Let A and B be two positive integers greater than $0$. Is it possible that $2^{2A}+2^{2B}$ is a square number?

I am having trouble with this exercise because I get the feeling the answer is no, but I cannot elaborate on the proof. So far what I thought was to assume that there is some integer $C>0$ such that $2^{2A}+2^{2B}=C^2$. Then $$(2^A+2^B)^2=C^2+2^{A+B+1}$$ I was trying to see if the previous expression could hold a contradiction but I got stuck. All I could find is that $C$ needs to be an even number but that doesn't seem to get me anywhere. I'd appreciate any help.

Thanks in advance!

  • 1
    $\begingroup$ Can you prove that $4^{A-B}+1$ is never a square? $\endgroup$ Aug 15, 2020 at 16:38
  • $\begingroup$ Is there a certain reason you wrote "even powers of 2" instead of "powers of 4"? (At first I thought you meant "powers of 2 which are even numbers," or, in other words, "powers of 2 other than 1.") $\endgroup$ Aug 16, 2020 at 4:25
  • $\begingroup$ You were close to something when considering $C$ being even, that is basically looking at the equation modulo $2$. Turns out, a really simple solution arise when you look at it modulo $3$ (see below). $\endgroup$
    – Sil
    Sep 5, 2020 at 7:04

5 Answers 5


Without loss of generality, let $A>B$. Then $2^{2A}+2^{2B}=2^{2B}(2^{2A-2B}+1)$ is a square implies $2^{2A-2B}+1$ is a square as $2^{2B}$ is a square. But this is impossible since $2^{2A-2B}$ is a square.


Shubhrajit Bhattacharya's answer gives a simple, direct proof that $2^{2A}+2^{2B}$ cannot be a square. But just for fun, let's finish off the OP's approach (which I initially thought led to a dead end).

If $(2^A+2^B)^2=C^2+2^{A+B+1}$, then $(2^A+2^B+C)(2^A+2^B-C)=2^{A+B+1}$, which means that $2^A+2^B+C$ and $2^A+2^B-C$ are both powers of $2$, and obviously different powers of $2$, say $2^a$ and $2^b$ with $a\gt b$ and $a+b=A+B+1$. But this implies


If we now assume, without loss of generality, that $A\ge B$, we have


Now $a\gt b$ implies $2^{a-b}+1$ is an odd number greater than $1$, from which it follows that we must have $A\gt B$ (otherwise the left hand side is a power of $2$, not a multiple of an odd number greater than $1$). This in turn implies $b=B+1$ and $a-b=A-B$, from which we get


in contradiction to $a+b=A+B+1$.

Remark: I was a little surprised by the nature of the contradiction here, and had to check my work carefully to make sure I hadn't made a stupid arithmetic mistake.


Just do it.

Assume without loss of generality that $A \le B$ so

$2^{2A} + 2^{2B}=$

$2^{2A} (1 + 2^{2B-2A})=$

$(2^A)^2 [1 + 2^{2B-2A}]=$

$(2^A)^2 [(2^{B-A})^2 + 1]$.

So if that is a perfect square then we must have $(2^{B-A})^2 + 1$ being a perfect square.

But $(2^{B-A})^2$ is a perfect square so we have two consecutive perfect squares. It should be easy to convince yourself that the only time that ever occurs is $0^2$ and $1^2$. (Proof as addendum).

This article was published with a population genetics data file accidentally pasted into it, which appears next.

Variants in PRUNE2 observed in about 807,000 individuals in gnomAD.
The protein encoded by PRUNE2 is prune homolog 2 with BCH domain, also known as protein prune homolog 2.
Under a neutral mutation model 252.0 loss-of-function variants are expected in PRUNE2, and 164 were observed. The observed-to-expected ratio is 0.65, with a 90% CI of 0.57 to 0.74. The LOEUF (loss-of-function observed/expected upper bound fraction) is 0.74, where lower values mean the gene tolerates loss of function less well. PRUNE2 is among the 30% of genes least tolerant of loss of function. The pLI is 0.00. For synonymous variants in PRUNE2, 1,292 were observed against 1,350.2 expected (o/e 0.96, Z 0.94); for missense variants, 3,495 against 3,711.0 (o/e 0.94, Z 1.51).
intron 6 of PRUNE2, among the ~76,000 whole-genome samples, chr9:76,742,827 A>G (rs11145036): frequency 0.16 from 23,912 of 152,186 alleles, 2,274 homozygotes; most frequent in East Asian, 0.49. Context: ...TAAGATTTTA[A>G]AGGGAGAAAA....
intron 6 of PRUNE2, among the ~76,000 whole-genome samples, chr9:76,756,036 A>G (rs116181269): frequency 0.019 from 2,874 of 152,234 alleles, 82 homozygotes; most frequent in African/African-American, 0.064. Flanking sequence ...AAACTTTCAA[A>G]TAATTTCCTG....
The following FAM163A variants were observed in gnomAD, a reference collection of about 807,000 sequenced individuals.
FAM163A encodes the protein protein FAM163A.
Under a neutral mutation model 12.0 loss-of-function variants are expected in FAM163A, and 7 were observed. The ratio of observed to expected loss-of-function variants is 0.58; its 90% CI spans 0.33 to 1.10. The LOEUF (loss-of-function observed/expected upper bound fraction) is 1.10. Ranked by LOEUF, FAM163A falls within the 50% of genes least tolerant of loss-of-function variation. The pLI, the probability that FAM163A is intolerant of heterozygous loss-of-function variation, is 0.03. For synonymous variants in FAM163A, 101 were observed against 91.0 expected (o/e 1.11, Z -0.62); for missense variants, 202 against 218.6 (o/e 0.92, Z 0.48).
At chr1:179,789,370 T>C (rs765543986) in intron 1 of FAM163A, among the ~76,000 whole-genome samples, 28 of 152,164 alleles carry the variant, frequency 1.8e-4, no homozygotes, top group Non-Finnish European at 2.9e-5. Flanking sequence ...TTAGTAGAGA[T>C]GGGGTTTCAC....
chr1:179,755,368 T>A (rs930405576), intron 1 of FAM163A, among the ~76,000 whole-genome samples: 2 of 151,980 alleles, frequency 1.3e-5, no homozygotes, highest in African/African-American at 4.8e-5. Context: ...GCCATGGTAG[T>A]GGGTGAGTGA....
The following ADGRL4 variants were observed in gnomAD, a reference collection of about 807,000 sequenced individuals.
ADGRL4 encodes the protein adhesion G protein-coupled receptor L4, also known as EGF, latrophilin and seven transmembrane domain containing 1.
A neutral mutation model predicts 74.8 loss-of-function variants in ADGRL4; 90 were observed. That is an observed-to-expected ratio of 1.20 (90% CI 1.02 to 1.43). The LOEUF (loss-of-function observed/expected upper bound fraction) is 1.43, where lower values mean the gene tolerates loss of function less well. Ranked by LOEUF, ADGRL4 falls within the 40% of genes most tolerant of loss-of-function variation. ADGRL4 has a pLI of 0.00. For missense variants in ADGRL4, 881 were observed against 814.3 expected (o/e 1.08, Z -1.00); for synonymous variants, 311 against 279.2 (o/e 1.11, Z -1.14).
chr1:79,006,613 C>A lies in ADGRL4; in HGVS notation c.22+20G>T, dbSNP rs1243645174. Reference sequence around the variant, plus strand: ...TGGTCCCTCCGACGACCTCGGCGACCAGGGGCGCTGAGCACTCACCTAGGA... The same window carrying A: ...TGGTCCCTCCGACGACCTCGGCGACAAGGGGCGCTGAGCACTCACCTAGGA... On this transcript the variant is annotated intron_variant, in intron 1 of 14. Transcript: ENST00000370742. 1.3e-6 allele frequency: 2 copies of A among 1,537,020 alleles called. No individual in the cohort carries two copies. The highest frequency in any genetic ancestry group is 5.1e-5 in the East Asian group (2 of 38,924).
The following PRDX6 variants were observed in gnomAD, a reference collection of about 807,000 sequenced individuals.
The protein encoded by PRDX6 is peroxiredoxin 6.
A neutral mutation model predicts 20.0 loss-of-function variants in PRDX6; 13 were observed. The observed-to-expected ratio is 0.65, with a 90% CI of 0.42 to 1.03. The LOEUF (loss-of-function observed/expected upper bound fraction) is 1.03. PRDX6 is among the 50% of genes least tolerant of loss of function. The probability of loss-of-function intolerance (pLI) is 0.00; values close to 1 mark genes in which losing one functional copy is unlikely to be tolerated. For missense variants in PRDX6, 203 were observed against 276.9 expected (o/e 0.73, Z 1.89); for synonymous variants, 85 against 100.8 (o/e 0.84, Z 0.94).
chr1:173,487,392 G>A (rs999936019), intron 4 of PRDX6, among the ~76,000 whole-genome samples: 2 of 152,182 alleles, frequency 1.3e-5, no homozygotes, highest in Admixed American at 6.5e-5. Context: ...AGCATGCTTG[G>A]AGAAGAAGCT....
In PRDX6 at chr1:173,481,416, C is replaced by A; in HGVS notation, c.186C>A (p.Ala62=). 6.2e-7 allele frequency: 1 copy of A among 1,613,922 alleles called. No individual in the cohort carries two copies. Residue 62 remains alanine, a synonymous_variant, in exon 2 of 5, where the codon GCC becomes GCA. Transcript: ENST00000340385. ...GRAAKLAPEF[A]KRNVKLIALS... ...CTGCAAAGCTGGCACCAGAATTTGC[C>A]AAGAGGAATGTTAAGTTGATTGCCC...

So the only way this can happen is if $(2^{B-A})^2 = 0$ and $(2^{B-A})^2 + 1=1$.

But $2^{B-A} = 0$ is not possible.


Addendume: Then only two consecutive squares are $0$ and $1$.

Proof: Suppose $m^2 = n^2 + 1$. where $m,n$ are non-negative integers. $n^2 < m^2 = n^2 + 1 \le n^2 + 2n + 1= (n+1)^2$ so $n < m \le m+1$. But the only integers between $n$ (exclusive) and $n+1$ (inclusive) is $n+1$ so $m = n+1$. And so $n^2 + 1 = m^2 = (n+1) = n^2 + 2n + 1$ so $2n = 0$ and $n = 0$ and $m =1$.


Assume that $2^{2A}+2^{2B}$ is a perfect square. Without loss of generality, assume $A \geqslant B$. Then, let $A-B=x$, where $x$ is a non-negative integer. It follows that we have: $$2^{2A}+2^{2B}=(2^B)^2 \cdot (2^{2x}+1)$$ Now, if the LHS is a perfect square, then the RHS must also be a perfect square. It follows that $2^{2x}+1$ is a perfect square. Let this be $n^2$. We then have: $$2^{2x}=n^2-1=(n-1)(n+1)$$ Now, we need $n-1$ and $n+1$ to both be perfect powers of $2$. This can only happen for $n=3$. However, even then, we would only have $2^{2x}=8$ which is impossible as $x$ is an integer. Thus, no solutions exist.

  • 1
    $\begingroup$ "Now, we need n−1 and n+1 to both be perfect squares. This can only happen for n=3." — Is 3-1 a perfect square? $\endgroup$
    – MarianD
    Aug 15, 2020 at 16:45
  • $\begingroup$ @MarianD sorry, that was supposed to be perfect powers of 2. Not perfect squares. I have made the edit. $\endgroup$
    – Haran
    Aug 16, 2020 at 16:20
  • $\begingroup$ Oh no! Your original sentence “It follows that $2^{2x}+1$ is a perfect powers of $2$.” was correct (not grammatically, “power” instead of “powers” :-)). Your corrected sentence is not true, sorry. $\endgroup$
    – MarianD
    Aug 16, 2020 at 17:30
  • $\begingroup$ @MarianD Lol, sorry about that, I was a bit hasty and made the edit in the wrong place. Should be fine now. $\endgroup$
    – Haran
    Aug 16, 2020 at 18:18
  • $\begingroup$ Yes, it is OK now. $\endgroup$
    – MarianD
    Aug 16, 2020 at 18:22

We would have $k^2=4^{A}+4^{B}\equiv 1+1= 2\pmod 3$, impossible as $k^2 \equiv 0,1 \pmod 3$.


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